The Kumon math program is a highly effective way to increase your child’s math ability and to improve their school math grades. However, one of the major problems that parents face with the program is that many students find the booklets repetitive and boring and put up a great deal of resistance to completing the work.
For many students this is particularly the case when they begin a new Kumon level and the booklets become harder and require more concentration https://argoprep.com/blog/k8/go-math-grade-2-vs-argoprep/. This is why the Kumon math program begins with an easy starting level, whereby the student begins the program at a level that they can complete quickly and easily therefore gaining confidence in their own abilities. It is inevitable though that as the student moves through the program they eventually encounter a new level that they find more taxing. This is when many students become resistant to completing their work.
One of the first ways to overcome this problem is to consider whether the student is struggling so much that their workload has become too heavy. When encountering a new level some students find the work so difficult that they can take up to an hour to complete a single booklet, particularly if they are struggling to focus. In a case such as this it can be beneficial to break the booklets into two parts and only complete half a booklet a day. This makes the work seem less overwhelming and may help to motivate the student. When they are then able to complete the work in the standard completion time they can be moved back up to doing a full booklet daily.
One of the methods that Kumon uses to motivate students is to award them stickers on a chart for the completion of their workbooks. When their chart is complete they are awarded a small prize. This works very well for small children for whom the prizes are often a great source of excitement but is less successful with older students who may not be motivated by such techniques. In this case parents can often successfully identify some sort of achievement and reward structure that will work for their child. The goals for this can be set by the parent in conjunction with the Kumon instructor; an example would be the successful completion of a level. The parents can then identify what reward would be appropriate. This might be an amount of money, an outing, or another privilege that the parent thinks is a suitable reward for the goal reached.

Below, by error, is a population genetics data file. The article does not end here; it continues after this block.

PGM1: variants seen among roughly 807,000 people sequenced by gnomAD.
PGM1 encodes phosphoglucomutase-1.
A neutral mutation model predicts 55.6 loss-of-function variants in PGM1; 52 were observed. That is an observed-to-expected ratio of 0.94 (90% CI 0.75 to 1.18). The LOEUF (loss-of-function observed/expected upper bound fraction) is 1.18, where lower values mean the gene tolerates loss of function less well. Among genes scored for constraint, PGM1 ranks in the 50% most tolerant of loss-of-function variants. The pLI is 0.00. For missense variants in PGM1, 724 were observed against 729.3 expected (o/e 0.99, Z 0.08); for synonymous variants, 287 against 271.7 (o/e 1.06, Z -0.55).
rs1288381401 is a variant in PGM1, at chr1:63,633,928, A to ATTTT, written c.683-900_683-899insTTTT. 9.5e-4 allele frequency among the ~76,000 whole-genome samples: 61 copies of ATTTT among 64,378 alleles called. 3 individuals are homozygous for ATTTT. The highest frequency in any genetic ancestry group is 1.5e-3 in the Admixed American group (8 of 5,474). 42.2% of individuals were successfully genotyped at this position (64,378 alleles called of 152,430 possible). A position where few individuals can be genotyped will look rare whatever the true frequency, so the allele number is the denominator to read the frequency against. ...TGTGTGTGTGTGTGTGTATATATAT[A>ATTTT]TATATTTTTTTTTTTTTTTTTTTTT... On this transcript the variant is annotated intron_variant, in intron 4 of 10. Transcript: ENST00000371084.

One of the objectives of Kumon is that students develop advanced study skills and are able to study independently. This is best achieved when the student really takes ownership of their own learning. One of the best ways to ensure this objective is achieved is to give the student responsibility, under guidance commensurate with their age, to mark and correct their own work. This not only makes them find the mistakes that they make, it also requires them to identify where they went wrong with the problem and to correct it accordingly.
By using the above methods it should be possible to get even a student who is highly resistant to using the Kumon Method to take responsibility for their learning, to complete their booklets in the standard completion time and to do so with the most accuracy possible.